Indigenous stewards identify growing threat posed by ranchers within Nicaraguan forest reserve

Friday, July 21st, 2017

Bullock enclosure located within the Indio Maiz Biological Reserve. Photo: Onda Local/MongaBay

The indigenous government which manages 70 percent of a Nicaraguan reserve has condemned illegal deforestation within the reserve by ranchers seeking land for pasture, in a statement supported by the Nicaraguan Federation of Livestock Associations.

The Indio Maiz Biological Reserve covers 2,639 square kilometres in the south-eastern corner of Nicaragua, an area a little larger than Luxembourg. 70 percent of the reserve belongs to the Rama and Kriol indigenous groups, who govern it through the Rama and Kriol Territorial Government.

The reserve is among Central America’s most important Intact Forest Landscapes, home to jaguar, tapir and more than 1,000 species of bird. Before this year, it was assumed that its remote location and system of management by indigenous rangers had kept it largely safe from the extensive clearances for cattle ranching that have affected other Nicaraguan reserves.

Read IDM’s coverage of forest clearances for pasture in Nicaragua’s Bosawás Biosphere Reserve here

But this is rapidly changing. In March 2017, indigenous rangers found a large cattle ranch located seven kilometres inside the reserve. In May, the NGO Fundación Rio identified 123 points where illegal deforestation had taken place or paths had been cleared. And on 11 July, the Rama and Kriol Territorial Government officially called for government action to tackle illegal incursions into the reserve, reporting that their investigations had found extensive areas where primary forest had been cleared and replaced with cattle pasture.

Also in July, a separate investigation by Mongabay LatAm in partnership with Nicaraguan outlet Onda Local charted deforestation spreading inwards for about ten kilometres from the western boundary of the reserve. Local informants told the investigators that most of this deforestation is driven by cattle ranches. While some are small, between seven and 35 hectares, others are reported to have brought in herds of up to 200 heads of cattle. From pastureland located within the reserve, the journalists were told, cattle are herded out along trails to Las Maravillas, a gateway to the interior, then sold into domestic and export markets.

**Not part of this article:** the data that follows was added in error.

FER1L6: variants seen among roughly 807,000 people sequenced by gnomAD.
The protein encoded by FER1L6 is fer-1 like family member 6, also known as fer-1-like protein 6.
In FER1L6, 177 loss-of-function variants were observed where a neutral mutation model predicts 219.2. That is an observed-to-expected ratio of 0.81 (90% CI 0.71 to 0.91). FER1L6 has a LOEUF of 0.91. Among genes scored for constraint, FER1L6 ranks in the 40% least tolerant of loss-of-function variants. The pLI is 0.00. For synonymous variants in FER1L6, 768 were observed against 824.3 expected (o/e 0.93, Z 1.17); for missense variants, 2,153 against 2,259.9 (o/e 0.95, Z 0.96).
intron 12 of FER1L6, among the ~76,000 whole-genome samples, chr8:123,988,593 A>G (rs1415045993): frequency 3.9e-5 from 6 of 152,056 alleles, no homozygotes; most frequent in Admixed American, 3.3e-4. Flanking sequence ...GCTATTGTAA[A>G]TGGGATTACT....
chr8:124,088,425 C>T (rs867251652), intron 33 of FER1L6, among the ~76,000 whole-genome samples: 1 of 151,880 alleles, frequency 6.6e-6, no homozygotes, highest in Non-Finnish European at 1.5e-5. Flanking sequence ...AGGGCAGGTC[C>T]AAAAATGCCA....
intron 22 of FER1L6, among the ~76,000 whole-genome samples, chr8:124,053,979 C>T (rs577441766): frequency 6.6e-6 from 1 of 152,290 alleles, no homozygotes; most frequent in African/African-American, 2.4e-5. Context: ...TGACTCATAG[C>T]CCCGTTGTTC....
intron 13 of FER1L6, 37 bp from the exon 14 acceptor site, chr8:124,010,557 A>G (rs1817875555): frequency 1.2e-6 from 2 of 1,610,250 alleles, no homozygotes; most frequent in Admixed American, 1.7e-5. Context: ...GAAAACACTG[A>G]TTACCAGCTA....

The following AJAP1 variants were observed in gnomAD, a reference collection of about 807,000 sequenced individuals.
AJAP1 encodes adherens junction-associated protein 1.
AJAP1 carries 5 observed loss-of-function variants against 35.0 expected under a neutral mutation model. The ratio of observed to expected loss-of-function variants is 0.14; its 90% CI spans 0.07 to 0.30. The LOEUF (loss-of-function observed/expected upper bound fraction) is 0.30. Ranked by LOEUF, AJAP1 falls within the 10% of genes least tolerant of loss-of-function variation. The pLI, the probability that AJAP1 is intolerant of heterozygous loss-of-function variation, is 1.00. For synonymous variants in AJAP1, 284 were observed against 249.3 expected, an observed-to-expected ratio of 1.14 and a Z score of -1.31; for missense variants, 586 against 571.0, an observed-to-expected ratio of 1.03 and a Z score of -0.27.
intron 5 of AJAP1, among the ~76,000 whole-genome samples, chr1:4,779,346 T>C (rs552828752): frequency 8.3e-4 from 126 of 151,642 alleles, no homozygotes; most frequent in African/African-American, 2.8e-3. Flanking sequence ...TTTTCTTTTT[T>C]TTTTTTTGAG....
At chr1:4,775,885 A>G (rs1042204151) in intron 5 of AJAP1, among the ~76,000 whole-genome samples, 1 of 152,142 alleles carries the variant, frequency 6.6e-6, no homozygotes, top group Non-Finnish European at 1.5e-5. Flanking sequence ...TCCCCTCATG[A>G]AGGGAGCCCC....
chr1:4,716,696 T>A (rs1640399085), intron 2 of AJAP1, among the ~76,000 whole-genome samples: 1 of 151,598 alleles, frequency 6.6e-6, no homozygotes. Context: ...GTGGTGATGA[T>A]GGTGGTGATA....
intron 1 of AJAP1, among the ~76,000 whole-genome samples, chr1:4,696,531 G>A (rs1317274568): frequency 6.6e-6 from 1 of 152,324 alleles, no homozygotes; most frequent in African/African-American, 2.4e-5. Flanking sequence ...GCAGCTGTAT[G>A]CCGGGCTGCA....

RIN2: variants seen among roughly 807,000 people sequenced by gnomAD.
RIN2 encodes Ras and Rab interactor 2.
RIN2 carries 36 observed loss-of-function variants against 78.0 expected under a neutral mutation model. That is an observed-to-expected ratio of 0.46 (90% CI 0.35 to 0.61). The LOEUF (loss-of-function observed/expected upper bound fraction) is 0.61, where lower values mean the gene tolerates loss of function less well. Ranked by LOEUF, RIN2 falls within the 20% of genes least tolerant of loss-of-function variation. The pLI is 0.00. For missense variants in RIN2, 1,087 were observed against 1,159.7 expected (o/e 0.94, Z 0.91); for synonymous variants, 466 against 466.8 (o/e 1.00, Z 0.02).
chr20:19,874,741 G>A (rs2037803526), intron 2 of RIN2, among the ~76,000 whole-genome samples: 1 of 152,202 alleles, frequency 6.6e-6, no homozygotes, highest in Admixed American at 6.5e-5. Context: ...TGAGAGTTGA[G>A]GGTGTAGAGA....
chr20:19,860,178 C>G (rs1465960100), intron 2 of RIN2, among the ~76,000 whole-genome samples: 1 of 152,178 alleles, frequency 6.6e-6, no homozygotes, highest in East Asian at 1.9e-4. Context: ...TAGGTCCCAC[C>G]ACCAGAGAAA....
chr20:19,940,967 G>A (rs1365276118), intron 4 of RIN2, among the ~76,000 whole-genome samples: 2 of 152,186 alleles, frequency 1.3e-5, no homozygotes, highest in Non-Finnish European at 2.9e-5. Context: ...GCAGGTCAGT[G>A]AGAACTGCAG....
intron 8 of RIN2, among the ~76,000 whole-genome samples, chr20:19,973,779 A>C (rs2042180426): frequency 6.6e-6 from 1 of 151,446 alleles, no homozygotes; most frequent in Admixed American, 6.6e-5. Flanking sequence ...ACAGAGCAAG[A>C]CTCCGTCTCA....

The Mongabay investigation tracked down one specific farm within the reserve, covering 1,397 hectares, according to a worker interviewed at the site. More than 244 hectares of forest had been illegally cleared to make way for pasture which, local workers said, supports at least 70 heads of cattle. Journalists traced ownership of the farm back to José Solís Durón, a wealthy cattle rancher from the municipality of Nueva Guinea, which is at the heart of Nicaraguan cattle ranching country.

Durón told the journalists that the high price of land in Nueva Guinea had pushed him south in search of land. But journalists at Onda Local posit another explanation, pointing to controversial plans for the creation of a canal that will cut across the northern tip of the Indio Maiz Reserve. In line with these plans, Nueva Guinea lies in an area which will be turned into a large reservoir. This could be causing the area’s many cattle ranchers to seek new areas for pasture before their current holdings are swamped.